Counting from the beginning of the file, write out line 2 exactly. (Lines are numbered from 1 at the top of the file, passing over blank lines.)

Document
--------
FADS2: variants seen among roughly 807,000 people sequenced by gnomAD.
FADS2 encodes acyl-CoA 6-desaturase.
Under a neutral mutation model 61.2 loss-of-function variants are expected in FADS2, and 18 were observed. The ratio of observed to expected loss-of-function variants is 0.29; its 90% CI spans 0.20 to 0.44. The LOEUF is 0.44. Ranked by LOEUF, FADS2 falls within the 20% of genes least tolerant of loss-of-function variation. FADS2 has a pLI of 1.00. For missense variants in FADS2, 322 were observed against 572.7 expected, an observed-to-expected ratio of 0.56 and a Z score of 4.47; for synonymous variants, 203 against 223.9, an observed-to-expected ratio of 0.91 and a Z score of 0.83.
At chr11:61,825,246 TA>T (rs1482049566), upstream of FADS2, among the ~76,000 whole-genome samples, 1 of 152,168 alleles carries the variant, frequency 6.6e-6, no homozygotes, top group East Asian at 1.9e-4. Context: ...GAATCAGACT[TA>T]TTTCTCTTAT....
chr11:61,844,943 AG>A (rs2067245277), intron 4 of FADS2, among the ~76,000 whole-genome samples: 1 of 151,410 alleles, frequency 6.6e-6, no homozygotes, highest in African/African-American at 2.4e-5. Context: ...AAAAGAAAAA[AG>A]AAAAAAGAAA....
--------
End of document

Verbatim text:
FADS2 encodes acyl-CoA 6-desaturase.